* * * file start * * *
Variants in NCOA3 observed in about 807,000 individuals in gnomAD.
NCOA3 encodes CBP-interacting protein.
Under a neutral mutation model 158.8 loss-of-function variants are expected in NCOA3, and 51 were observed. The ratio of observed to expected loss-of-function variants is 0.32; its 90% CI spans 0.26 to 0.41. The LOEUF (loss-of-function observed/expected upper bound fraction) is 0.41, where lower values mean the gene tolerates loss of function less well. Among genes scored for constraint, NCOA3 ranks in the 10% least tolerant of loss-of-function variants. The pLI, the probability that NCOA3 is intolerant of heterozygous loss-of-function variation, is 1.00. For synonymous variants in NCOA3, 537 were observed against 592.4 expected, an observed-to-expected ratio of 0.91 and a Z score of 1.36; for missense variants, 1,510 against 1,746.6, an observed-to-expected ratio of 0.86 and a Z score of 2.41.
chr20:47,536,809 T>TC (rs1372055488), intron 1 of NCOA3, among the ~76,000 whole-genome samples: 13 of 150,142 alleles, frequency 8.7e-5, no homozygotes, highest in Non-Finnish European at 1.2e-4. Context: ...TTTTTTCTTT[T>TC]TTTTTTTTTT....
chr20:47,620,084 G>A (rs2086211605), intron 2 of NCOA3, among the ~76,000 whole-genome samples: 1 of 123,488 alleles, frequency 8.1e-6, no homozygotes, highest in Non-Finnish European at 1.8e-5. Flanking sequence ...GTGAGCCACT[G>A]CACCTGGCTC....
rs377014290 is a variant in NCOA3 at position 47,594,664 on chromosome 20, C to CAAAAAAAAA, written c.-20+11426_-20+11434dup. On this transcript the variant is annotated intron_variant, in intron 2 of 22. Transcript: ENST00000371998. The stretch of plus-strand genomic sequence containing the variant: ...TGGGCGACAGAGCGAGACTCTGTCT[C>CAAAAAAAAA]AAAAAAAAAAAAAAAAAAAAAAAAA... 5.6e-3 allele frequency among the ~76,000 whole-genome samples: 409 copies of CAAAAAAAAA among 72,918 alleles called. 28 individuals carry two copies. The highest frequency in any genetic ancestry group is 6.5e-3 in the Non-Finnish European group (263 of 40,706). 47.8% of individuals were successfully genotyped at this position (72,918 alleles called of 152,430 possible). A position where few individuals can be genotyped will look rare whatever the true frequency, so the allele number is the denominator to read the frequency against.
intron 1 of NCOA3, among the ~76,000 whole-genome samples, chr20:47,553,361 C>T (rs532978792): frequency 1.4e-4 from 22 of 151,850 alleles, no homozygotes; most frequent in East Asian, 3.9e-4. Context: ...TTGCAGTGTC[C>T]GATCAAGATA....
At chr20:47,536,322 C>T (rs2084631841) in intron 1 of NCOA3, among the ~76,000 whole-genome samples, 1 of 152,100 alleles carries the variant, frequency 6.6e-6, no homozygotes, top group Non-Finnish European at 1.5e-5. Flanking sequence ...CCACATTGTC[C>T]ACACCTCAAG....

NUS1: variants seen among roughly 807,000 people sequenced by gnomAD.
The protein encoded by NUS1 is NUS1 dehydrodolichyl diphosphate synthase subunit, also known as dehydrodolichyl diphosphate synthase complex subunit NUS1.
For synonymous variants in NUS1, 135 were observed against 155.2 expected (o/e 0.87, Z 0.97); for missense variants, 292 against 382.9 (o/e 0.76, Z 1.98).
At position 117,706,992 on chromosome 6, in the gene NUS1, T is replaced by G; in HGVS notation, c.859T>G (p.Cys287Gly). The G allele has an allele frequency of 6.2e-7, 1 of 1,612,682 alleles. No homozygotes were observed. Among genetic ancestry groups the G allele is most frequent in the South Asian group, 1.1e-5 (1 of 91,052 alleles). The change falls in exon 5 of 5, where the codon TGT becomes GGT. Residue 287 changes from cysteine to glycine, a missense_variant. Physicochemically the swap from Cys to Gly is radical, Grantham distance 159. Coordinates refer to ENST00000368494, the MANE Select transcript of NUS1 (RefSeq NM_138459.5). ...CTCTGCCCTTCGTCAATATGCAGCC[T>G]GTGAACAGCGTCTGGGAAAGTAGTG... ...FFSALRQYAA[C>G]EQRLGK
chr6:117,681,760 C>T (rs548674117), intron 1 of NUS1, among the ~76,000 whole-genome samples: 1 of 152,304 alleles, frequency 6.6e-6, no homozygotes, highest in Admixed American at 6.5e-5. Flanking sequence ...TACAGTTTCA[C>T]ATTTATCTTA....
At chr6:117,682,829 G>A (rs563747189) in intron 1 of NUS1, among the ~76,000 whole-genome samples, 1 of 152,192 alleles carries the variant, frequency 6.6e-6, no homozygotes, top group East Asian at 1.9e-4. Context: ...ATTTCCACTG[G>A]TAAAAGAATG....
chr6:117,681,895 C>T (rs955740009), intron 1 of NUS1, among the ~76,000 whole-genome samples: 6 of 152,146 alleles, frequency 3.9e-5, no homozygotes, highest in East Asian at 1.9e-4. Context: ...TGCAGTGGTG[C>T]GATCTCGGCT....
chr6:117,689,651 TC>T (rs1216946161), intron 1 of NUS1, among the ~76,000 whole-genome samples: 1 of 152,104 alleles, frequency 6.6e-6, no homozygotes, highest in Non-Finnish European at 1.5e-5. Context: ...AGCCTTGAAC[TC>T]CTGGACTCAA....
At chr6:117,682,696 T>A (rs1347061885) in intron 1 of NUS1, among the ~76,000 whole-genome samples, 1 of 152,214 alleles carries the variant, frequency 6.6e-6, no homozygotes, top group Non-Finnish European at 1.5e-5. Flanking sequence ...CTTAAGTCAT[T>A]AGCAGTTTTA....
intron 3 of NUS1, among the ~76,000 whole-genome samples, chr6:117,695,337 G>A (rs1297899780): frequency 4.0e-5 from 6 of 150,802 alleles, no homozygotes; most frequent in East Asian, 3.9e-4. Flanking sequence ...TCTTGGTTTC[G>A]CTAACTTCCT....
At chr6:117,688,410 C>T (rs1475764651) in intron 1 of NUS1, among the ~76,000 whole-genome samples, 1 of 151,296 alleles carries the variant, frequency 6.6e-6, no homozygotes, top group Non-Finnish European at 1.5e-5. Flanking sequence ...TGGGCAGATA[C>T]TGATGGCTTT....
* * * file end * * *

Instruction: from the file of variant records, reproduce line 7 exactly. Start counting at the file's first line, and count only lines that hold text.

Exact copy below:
intron 1 of NCOA3, among the ~76,000 whole-genome samples, chr20:47,553,361 C>T (rs532978792): frequency 1.4e-4 from 22 of 151,850 alleles, no homozygotes; most frequent in East Asian, 3.9e-4. Context: ...TTGCAGTGTC[C>T]GATCAAGATA....